You’re familiar with a “feedback sandwich”, right? It’s a fairly simple management tool for giving someone feedback: you start with something positive, then point out the area for improvement, then end on something positive again. The negative feedback is sandwiched between two pieces of positive feedback. Simple.

I learned how to use this tool in an early job. Effective people management is a difficult thing to learn, because it sits at the intersection of knowledge, habit, personality, and context. You can’t read a few things in a classroom and then go manage well. Like a craft, management is a practice best developed through something closer to apprenticeship or coaching. The feedback sandwich is one of the few techniques that can be easily taught and broadly applied; most of management is more nuanced.

Which is why I was surprised to discover that the sandwich has quite a few detractors. See, for example, “Ban the Feedback Sandwich,” and, “The ‘Sandwich Approach’ Undermines Your Feedback.” The detractors tend to characterize the approach as some combination of manipulative (because it seeks to manage the recipient’s feelings by easing them into the feedback) or confusingly indirect (because the “real”/negative feedback gets buried). From my experience as a manager and trainer, this stems from a basic misunderstanding of the technique.

Positive feedback serves more than a cosmetic purpose. Most importantly: Positive feedback is honest. Everything in the world has both good and bad aspects. If you watch a failed presentation and only point out the bad things that your colleague did, you’re doing a disservice to what actually took place. Something went well, I promise.

If fidelity to reality isn’t enough for you, think about positive feedback’s other critical functions. First, as a manager, you have a vested interest in seeing positive behavior continue. You’d better recognize it or risk seeing it squeezed out of the picture. Second, recognizing positive contributions builds credibility with the feedback recipient. It demonstrates empathy. It shows you were paying attention and thinking critically, rather than simply looking for something to criticize.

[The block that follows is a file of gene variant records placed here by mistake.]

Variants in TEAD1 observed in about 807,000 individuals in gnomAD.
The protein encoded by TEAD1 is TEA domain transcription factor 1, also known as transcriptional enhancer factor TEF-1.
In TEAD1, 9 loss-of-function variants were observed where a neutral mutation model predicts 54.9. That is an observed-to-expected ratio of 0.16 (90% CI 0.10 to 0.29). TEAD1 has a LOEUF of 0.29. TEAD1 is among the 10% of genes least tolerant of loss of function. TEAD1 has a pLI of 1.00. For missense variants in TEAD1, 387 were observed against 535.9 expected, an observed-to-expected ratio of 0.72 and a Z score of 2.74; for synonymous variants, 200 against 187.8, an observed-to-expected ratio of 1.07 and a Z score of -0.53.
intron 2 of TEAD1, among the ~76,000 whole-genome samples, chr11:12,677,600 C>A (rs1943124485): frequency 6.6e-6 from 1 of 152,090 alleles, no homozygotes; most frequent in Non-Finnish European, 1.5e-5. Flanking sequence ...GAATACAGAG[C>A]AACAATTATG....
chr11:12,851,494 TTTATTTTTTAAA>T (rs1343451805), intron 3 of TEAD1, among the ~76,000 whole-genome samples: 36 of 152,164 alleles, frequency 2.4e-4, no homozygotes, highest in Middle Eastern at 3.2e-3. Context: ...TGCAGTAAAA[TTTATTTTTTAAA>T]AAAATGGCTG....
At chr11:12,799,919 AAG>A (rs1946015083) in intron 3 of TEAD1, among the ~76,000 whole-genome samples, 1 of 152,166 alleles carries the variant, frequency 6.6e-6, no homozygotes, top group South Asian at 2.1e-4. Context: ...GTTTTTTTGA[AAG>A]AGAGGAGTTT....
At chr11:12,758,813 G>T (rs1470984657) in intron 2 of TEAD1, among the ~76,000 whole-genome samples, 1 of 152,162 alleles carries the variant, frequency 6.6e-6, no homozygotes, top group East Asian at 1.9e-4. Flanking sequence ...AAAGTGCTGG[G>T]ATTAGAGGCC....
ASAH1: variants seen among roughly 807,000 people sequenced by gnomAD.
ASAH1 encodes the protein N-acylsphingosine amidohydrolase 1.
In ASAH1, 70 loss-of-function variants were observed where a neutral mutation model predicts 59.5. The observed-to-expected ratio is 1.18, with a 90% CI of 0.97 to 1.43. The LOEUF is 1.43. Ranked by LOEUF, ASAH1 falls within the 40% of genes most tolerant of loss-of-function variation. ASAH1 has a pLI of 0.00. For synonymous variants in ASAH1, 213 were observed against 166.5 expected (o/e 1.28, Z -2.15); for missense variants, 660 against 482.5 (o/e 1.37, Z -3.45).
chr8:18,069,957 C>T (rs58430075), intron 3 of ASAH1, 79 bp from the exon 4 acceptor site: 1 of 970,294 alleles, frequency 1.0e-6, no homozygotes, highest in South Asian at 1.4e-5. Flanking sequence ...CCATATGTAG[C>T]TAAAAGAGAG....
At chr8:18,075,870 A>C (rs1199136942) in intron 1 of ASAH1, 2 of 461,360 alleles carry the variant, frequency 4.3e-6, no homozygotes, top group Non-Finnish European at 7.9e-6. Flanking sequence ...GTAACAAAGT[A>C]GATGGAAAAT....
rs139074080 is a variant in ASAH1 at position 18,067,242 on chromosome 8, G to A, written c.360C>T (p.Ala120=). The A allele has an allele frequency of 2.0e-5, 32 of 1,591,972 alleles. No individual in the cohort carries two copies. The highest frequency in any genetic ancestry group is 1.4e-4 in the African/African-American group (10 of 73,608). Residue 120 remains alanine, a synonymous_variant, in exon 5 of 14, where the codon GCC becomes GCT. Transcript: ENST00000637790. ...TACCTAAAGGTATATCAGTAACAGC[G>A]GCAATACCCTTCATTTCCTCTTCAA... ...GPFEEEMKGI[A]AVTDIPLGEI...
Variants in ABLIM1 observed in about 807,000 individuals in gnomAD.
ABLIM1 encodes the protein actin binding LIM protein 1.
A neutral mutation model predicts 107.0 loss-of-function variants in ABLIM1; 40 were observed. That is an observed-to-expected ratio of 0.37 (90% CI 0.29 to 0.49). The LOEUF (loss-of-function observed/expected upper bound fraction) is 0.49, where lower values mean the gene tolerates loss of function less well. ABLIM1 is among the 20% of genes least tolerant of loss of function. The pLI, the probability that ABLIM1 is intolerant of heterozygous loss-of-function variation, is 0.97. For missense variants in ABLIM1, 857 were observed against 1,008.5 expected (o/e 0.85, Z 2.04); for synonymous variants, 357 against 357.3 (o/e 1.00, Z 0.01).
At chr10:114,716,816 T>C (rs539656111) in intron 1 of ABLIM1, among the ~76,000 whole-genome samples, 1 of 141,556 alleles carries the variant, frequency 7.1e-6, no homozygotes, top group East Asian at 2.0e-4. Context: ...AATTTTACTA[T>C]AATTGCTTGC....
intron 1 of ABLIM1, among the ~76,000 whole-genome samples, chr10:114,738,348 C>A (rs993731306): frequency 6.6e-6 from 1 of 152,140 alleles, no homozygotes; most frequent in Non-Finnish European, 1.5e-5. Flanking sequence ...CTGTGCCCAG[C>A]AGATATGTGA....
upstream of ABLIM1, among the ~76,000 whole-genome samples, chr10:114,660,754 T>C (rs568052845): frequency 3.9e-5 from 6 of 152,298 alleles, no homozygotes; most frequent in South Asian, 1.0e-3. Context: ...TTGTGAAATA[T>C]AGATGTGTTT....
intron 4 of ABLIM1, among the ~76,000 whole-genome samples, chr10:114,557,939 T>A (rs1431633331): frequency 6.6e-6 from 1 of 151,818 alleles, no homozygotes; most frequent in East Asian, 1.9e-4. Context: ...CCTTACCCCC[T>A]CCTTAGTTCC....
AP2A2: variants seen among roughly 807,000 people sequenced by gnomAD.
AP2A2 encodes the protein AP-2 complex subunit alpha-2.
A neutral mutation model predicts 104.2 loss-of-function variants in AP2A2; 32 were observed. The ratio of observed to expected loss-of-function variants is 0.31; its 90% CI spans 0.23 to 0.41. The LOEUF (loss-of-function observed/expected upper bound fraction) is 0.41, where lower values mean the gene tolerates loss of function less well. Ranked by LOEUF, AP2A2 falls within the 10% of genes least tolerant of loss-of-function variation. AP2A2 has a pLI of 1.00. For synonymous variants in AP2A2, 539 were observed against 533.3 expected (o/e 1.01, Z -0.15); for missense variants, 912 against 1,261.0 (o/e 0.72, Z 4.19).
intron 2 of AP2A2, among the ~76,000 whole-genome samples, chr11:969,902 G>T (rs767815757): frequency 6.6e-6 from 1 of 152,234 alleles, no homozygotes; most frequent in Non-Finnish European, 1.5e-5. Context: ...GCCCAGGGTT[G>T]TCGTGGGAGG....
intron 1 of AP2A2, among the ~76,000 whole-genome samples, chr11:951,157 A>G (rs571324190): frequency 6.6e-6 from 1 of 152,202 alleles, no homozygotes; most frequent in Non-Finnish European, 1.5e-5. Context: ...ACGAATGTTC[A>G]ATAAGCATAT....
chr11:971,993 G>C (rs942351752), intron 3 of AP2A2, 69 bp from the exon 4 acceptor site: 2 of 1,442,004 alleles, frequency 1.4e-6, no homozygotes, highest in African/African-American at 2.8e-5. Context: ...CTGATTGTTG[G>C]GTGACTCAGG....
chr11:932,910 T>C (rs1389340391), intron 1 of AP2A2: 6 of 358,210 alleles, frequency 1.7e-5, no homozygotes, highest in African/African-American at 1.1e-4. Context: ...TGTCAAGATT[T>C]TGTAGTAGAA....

Where I think the sandwich’s detractors have a good point is on the sequencing. I don’t think the order matters as much as the metaphor suggests. An open-faced sandwich (or feedback pizza?) can work just as well. What’s important is that both aspects are there. I still generally try to end on a positive note, but that has more to do with the long-term management relationships I try to cultivate, rather than the specifics of that piece of feedback.

In fact, the long-term relationship is important context for the feedback sandwich. This is a quick snack, not a complete diet. It’s the two-minute feedback you give after a meeting or when reviewing a first draft. It should not be your only feedback channel or format. You could imagine an hour-long performance review being structured in the same way (20 minutes positive, 20 minutes negative, 20 minutes positive?) but I don’t think it’d be a very useful structure. Longer conversations can take advantage of the luxury of meandering routes.

Finally, note that the technique is infinitely adaptable. Much like the infinite culinary variations of the sandwich (burgers, tortas, bánh mì, paninis, etc.), the technique should be adapted to context. This is also the point where an apparently simple technique borderlines on management craft.

Photo: Julien Sister

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